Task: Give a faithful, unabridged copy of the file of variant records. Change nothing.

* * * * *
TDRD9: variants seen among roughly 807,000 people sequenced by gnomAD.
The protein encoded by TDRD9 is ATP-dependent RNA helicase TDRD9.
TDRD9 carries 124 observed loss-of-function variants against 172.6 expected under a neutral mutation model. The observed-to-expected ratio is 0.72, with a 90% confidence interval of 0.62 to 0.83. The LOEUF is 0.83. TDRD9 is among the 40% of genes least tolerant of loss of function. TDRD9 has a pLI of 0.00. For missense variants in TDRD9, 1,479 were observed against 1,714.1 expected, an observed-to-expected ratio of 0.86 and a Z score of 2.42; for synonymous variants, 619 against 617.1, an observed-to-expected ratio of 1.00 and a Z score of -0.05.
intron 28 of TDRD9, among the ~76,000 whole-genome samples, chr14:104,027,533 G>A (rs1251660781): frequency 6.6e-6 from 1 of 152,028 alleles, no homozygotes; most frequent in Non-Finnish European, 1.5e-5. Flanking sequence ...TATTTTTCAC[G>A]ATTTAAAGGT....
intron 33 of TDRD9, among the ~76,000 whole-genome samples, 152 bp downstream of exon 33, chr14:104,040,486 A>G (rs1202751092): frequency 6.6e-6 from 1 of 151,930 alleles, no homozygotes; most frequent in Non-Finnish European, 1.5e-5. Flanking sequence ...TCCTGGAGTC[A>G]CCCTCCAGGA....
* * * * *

TDRD9: variants seen among roughly 807,000 people sequenced by gnomAD.
The protein encoded by TDRD9 is ATP-dependent RNA helicase TDRD9.
TDRD9 carries 124 observed loss-of-function variants against 172.6 expected under a neutral mutation model. The observed-to-expected ratio is 0.72, with a 90% confidence interval of 0.62 to 0.83. The LOEUF is 0.83. TDRD9 is among the 40% of genes least tolerant of loss of function. TDRD9 has a pLI of 0.00. For missense variants in TDRD9, 1,479 were observed against 1,714.1 expected, an observed-to-expected ratio of 0.86 and a Z score of 2.42; for synonymous variants, 619 against 617.1, an observed-to-expected ratio of 1.00 and a Z score of -0.05.
intron 28 of TDRD9, among the ~76,000 whole-genome samples, chr14:104,027,533 G>A (rs1251660781): frequency 6.6e-6 from 1 of 152,028 alleles, no homozygotes; most frequent in Non-Finnish European, 1.5e-5. Flanking sequence ...TATTTTTCAC[G>A]ATTTAAAGGT....
intron 33 of TDRD9, among the ~76,000 whole-genome samples, 152 bp downstream of exon 33, chr14:104,040,486 A>G (rs1202751092): frequency 6.6e-6 from 1 of 151,930 alleles, no homozygotes; most frequent in Non-Finnish European, 1.5e-5. Flanking sequence ...TCCTGGAGTC[A>G]CCCTCCAGGA....